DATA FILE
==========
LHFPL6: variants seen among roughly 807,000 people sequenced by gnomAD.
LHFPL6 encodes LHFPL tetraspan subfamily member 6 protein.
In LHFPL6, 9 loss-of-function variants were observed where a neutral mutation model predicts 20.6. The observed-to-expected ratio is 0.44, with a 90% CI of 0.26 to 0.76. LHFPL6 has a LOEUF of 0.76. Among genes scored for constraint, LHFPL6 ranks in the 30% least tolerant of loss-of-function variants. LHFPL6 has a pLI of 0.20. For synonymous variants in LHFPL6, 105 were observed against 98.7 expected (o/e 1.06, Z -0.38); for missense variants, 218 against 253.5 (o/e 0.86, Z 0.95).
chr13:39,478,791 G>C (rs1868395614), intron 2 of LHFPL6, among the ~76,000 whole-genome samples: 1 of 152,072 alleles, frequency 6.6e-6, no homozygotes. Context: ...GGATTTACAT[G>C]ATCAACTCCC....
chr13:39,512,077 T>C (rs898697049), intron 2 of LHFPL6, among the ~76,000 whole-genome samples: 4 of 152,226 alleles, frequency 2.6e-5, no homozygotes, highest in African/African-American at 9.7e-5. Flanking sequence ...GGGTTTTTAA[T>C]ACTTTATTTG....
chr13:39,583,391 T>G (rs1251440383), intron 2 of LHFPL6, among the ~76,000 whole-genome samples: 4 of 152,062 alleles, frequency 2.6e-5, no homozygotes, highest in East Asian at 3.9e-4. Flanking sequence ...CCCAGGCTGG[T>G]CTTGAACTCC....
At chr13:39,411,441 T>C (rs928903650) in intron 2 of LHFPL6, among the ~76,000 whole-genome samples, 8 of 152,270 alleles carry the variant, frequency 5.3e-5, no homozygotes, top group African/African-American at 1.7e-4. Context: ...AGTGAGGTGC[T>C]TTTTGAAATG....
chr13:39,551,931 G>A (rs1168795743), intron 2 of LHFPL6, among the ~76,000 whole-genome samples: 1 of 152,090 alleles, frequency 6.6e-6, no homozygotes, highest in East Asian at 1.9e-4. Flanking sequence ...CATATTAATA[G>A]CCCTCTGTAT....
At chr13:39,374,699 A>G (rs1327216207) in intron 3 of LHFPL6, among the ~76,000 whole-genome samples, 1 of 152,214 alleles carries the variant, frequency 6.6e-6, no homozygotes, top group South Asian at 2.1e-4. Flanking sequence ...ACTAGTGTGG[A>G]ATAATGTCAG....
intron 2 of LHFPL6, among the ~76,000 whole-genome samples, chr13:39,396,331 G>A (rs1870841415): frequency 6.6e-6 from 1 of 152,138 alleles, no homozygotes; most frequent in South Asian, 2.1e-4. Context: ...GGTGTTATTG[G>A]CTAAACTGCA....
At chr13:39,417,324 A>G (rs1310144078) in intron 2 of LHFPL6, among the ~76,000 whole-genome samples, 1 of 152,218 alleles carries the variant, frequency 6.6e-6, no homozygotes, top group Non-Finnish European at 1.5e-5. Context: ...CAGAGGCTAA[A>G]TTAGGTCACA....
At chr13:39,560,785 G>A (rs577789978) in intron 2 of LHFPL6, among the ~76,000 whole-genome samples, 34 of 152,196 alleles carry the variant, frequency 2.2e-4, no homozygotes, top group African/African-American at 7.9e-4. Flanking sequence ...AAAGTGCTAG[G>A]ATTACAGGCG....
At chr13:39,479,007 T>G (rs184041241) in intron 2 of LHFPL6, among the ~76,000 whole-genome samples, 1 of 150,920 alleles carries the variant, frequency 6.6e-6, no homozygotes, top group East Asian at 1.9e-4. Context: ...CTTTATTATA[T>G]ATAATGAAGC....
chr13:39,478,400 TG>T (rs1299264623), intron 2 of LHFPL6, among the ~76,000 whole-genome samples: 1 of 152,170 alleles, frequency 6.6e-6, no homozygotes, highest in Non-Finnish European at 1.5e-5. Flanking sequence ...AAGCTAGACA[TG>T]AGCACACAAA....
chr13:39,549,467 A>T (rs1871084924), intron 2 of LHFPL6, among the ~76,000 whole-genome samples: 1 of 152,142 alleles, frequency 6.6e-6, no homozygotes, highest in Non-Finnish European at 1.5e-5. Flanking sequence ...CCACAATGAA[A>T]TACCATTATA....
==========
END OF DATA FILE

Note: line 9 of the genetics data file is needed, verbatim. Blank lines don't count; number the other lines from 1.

At chr13:39,374,699 A>G (rs1327216207) in intron 3 of LHFPL6, among the ~76,000 whole-genome samples, 1 of 152,214 alleles carries the variant, frequency 6.6e-6, no homozygotes, top group South Asian at 2.1e-4. Flanking sequence ...ACTAGTGTGG[A>G]ATAATGTCAG....